Thursday, 30 April 2015

Jerky made using shop 'sauces'

I recently tried a couple of 'jerky' recipes (at my wife's request) and had a fair amount of the sauces left. I decided to try using them to make real jerky, well I say real jerky, I was using a dehydrator so it wouldn't be smoked.

These are the two sauces in question. As well as seeing how they performed I was also interested to see what jerky would be like without using sauces such as teryaki, soy or Worcester sauce which neither of these preparations contain, and whilst I was experimenting with them I also did some jerky with the afore mentioned teryaki, ginger and garlic jerky too.

As you can see the sauces are wet and gloopy, and as with other jerky mixes and ingredients The spent the night in a plastic bag in the fridge overnight. I cut out descriptive stickers to put on the side of the dehydrator trays so that I knew what was what when it was done.

I must say that the colour was good when done, but the jerky process seemed to heighten the heat of two sauces that where quite hot to start with  but it was nice to try jerky without the usual sauces in for a change. My favourite of the two was the Tropical sun one, with the open brand one being just a little too hot (probably due to it having 3% Scotch bonnet in it!). I will use the sauces again but I don't think anything beats soy or teryaki based marinades.

Wednesday, 29 April 2015

Lacto fermentation

Lacto fermentation doesn't have a snappy ring does it? It would take a hot PR company to make it so too. Now one of the proudest moments for me in recent years has been the fight a small but organised group of residents took the fight to a waste company to prevent an incinerator being built near our town. Now the reason I mention this is that we all became familiar with waste disposal methods, one of which was anaerobic digestion and the reason that I mention this is that the fermentation process is anaerobic too.

Once I'd got past that thought I set about getting started. In the past I've made some bushcraft confectionery using a Fergus Drennan recipe from a cardboard insert that Bushcraft and Survival Skills magazine (issue 36) had in. I'd always wanted to try lacto fermentation (think Sauerkraut) which also featured on the card. 

Fergus used seaweed in his recipe but an abundant supply of Few Flowered Leek near me meant that I was spurred into action to try it. I'd recently had cortisone injections in my hands so I used this as an excuse to send my two sons out to pick them. 


I was planning to make one jar full but the boys applied themselves and came back with a good supply so I thought I'd see if I had enough for a second jar. It is easy to see from the right hand side picture above triangularish leaf profile.


Onto the milk separation. The recipe used lemon juice and I was interested to see how quickly it separated the curds and whey because I recall helping on a school trip on a Tudor day and vinegar was used to make a cottage cheese whey and it worked quickly (milk protein was also used as a glue for making shields I believe). lemon juice also started off quickly too and was left overnight. I used just under a pint and a quarter for this.

To separate the curds from the whey I used a frame mounted muslin bag which I usually employ to strain fruit when making jam or leather. It looks a bit milky but this is just a small layer of fine whey that gets through which quickly goes to the bottom.

As you can see, the whey is a lot clearer even straight after straining and it made just under a pint from a pint and a half or so. With a fair bit of whey left I added a shot of fine sea salt, lined a pastry cutter with cling film and placed it in the fridge on kitchen roll with a cling film wrapped can on top to shape it and remove the moisture (I had to change the kitchen roll several times).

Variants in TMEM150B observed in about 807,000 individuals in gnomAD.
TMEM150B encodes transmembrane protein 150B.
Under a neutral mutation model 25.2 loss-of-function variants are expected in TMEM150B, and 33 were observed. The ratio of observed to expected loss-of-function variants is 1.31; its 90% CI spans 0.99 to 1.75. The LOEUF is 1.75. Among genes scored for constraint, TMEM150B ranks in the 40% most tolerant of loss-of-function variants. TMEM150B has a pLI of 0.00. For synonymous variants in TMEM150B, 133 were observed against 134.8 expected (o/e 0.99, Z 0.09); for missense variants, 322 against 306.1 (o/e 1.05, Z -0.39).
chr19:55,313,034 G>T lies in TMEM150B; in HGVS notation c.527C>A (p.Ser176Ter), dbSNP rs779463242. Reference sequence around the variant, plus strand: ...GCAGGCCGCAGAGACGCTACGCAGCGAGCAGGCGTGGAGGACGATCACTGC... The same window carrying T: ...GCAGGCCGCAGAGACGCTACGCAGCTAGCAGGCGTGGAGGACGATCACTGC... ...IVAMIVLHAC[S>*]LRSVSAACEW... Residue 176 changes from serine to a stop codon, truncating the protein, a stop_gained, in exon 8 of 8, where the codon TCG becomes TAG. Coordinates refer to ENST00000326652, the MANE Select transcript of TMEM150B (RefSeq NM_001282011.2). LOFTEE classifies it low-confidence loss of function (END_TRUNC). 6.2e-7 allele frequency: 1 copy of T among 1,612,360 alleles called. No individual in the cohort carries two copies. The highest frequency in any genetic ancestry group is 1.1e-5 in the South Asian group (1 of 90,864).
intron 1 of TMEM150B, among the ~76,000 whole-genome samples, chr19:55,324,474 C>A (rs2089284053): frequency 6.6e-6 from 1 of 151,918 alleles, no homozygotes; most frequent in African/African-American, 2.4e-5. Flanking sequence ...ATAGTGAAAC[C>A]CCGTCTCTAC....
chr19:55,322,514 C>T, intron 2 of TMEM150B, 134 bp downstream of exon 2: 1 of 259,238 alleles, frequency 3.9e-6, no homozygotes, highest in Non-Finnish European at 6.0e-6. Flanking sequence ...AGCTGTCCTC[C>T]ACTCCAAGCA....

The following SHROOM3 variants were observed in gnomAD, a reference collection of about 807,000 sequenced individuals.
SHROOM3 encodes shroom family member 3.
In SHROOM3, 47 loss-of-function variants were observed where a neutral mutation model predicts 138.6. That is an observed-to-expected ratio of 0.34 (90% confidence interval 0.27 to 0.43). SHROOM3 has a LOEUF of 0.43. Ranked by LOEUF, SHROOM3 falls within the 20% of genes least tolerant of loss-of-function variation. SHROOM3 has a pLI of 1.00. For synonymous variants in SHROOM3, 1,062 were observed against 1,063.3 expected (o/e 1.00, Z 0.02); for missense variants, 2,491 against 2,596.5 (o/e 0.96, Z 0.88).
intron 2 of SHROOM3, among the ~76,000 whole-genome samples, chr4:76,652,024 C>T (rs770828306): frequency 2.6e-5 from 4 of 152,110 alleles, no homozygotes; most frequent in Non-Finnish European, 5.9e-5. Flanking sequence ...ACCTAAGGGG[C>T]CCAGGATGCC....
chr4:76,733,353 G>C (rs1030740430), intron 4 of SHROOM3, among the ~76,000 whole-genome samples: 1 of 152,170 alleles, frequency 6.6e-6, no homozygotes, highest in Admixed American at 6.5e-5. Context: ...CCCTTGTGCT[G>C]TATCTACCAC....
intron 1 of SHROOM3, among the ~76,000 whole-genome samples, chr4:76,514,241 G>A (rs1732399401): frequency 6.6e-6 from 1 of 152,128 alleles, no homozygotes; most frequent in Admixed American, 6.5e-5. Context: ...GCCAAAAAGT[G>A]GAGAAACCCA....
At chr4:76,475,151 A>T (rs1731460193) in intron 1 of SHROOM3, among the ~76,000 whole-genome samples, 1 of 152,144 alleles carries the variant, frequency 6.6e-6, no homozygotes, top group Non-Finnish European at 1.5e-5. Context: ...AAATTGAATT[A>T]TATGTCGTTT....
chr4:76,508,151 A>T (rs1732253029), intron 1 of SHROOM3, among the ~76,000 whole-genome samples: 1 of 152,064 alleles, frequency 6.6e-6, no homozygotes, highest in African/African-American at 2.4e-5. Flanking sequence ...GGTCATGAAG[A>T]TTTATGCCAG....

Whilst letting the whey finish settling I roughly chopped up the three cornered leek and added sea salt and slightly more than the stated amount of whey, and then had fun shoving it all in the jar!

I did have a fair bit left over so I added another Fergus recipe card ingredient, namely grated cucumber to a second jar. This meant the only omitted ingredient was onion as it seemed overkill with obvious properties of the primary ingredient. The only issue I had in the bottling was submerging the three cornered leek leaves whilst leaving a gap. I pushed them down as best I could and wedged a piece of scrunched up cling film in to help submerge the leaves. they are left at an ambient temperature with a regular check for gas build up.


And yep, I still had some spare! I rinsed the whey off the leaves and made a small impromptu pot of pickled leek and cucumber by just adding malt vinegar. To do two small coffee jars full I'd suggest using one and a half pints of milk because it was a bit tight filling the jars with the whey from one and a quarter pints.

For future lacto fermentattion attempts I will leave the leaves either unchopped or only in half (depending what I was doing) because even this very rough chop has seen issues with bits of leaf floating past any plastic bag barrier I insert and the process needs to have oxygen excluded to work. I will also use the jam jar style (pictured above) because I managed to insert a small round plastic disc, cut from a strawberry punnet, into each of the coffee jars and then reinserted the folded bag, but it was a bit of a faff. This shape of jam jar would facilitate a round plastic disc being slipped in easily.

The day after the preparation and bottling I tried the now fairly solid cheese curd with some jack-by-the-hedge leaves on some slightly posh oat crackers and home made slow rise bread. The lemony, salty combination was fantastic with the hastily foraged leaves, and this has led me to purchase some essence of rennet to further experiment with basic cheese making...A happy discovery in the lacto fermentation process.

I decided to make the switch to the jam jars as I was having continual trouble securing the leaves below line, even with a plastic disc weighed down with a cleaned pebble placed on top! I have popped the disc and pebble in the new jars to and will investigate using clear plastic yogurt lids going forward as they are perfectly round and should fit nicely to the sloping glass sides. As per the procedure I got a gentle 'Phsst' from the mix after five days when I undid the lid to check for gas.

So to the taste. As mentioned earlier I've never tried anything lacto fermented so I really didn't know what to expect...I like it! The only thing I can liken it to is pickles and specifically cornichons yet it has a taste of it's own.